# What is APR vs APY?

It’s important to understand the difference between annual percentage rate (APR) and annual percentage yield (APY) because if you don’t, you could end up paying more money on a loan than you ever anticipated. And, if your loan is a mortgage spanning 30 years or so, the increased amount of money that you will have to pay out can be huge.

How Big is the Difference Between APR and APY?

APR and APY Calculation Example

The difference between APR and APY can be quite minimal and quite overbearing. It all depends on the term of the loan and the amount you’re paying back. If the loan is for 2 months, a .12% difference is probably nominal. However, over 30 years, it can be intimidating.

Let’s take a \$500,000 mortgage as an example, 30 year term at 5.00%.

If you’re paying strictly on the 5% APR which does not “charge” you a compounded interest rate, then your monthly payment would be \$2,684. Total amount paid over 30 years would be \$966,279.

However, if you’re being charged on APY, you are being charged a compounded interest rate which means your interest rate is no longer set at 5%; rather, it is now 5.12%. Big deal you think. Well, your monthly payment is now \$2,721, an increase of \$37. Not too bad you think. Well, the total amount paid over 30 years now increases from \$966,279 to \$979,523, and increase of \$13,244.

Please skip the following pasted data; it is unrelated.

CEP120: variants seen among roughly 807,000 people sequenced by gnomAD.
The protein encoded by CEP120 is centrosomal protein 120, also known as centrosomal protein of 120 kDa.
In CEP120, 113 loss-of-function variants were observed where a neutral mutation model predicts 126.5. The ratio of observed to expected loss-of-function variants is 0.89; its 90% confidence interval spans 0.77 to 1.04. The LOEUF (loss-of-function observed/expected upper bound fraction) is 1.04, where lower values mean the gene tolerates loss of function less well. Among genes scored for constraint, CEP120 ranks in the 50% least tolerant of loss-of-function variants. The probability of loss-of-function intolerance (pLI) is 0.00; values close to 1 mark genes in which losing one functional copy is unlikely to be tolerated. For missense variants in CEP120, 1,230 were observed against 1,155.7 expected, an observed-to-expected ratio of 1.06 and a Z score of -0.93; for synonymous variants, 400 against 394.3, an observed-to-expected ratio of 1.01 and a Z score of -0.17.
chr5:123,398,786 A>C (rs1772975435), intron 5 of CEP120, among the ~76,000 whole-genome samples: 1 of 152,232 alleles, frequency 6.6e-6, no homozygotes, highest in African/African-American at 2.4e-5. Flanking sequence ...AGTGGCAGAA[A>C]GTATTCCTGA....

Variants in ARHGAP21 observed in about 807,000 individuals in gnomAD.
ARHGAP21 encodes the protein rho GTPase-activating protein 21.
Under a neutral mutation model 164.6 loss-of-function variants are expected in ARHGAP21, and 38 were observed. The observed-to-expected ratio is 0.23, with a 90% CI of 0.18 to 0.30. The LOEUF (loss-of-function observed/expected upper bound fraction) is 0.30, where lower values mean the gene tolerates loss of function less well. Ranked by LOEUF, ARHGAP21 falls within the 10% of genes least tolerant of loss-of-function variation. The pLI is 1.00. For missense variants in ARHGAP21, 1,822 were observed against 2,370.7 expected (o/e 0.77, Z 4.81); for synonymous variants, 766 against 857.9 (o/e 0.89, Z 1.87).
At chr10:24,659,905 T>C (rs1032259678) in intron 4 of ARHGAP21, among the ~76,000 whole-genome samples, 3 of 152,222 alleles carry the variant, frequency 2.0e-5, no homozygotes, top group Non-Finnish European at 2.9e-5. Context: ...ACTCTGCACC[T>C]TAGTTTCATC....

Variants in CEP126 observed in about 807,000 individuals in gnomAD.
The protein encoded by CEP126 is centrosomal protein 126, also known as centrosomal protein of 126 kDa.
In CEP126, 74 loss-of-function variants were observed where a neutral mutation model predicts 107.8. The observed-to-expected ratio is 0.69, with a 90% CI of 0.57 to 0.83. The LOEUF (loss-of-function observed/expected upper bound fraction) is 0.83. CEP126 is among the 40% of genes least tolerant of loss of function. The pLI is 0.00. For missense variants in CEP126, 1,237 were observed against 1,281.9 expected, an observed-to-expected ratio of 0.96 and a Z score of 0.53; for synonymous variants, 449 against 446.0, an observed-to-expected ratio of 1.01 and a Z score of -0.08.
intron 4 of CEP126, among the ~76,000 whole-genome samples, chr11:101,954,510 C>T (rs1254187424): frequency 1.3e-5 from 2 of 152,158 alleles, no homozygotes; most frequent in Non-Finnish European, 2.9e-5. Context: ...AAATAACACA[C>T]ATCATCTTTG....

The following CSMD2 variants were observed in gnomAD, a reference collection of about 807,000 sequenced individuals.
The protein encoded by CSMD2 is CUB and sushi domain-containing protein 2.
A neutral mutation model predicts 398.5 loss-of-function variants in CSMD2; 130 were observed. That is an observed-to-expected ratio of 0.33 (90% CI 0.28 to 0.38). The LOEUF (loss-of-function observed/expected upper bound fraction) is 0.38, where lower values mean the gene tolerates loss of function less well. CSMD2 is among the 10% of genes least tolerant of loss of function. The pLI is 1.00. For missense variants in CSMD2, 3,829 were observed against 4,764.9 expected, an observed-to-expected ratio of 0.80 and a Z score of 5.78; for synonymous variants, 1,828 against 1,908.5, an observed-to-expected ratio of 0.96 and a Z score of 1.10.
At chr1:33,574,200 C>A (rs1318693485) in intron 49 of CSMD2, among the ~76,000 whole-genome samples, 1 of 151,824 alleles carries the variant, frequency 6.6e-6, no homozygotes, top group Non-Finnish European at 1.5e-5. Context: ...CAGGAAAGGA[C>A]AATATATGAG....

How Are APR and APY Calculated?

Calculating Annual Percentage Rate (APR)

APR is a rather simple and familiar calculation.

APR = the periodic rate multiplied by the number of periods in a year. The periodic rate is typically the interest rate charged per month and it is either given to you or you can calculate it if you have the APR.

The periodic rate = (APR) / 12 months.

Example:

.42% = 5% / 12

OR

APR = (periodic rate) x (# periods in a year)

Example:

5% = .42% x 12

Calculating Annual Percentage Yield (APY)

APY is not a familiar calculation but it’s important. Remember, APY deals with compounded interest which really means that principal AND interest are making more interest. It’s good if you are making money this way. You really don’t want to be paying money out this way.

APY = (1 + periodic rate)^ # periods – 1

The “^” in the equation is the exponential character

Example

APY = (1 + .42%)^12 – 1 = 5.12%

OR

APY = (1 + .0042)^12 – 1 = 5.12%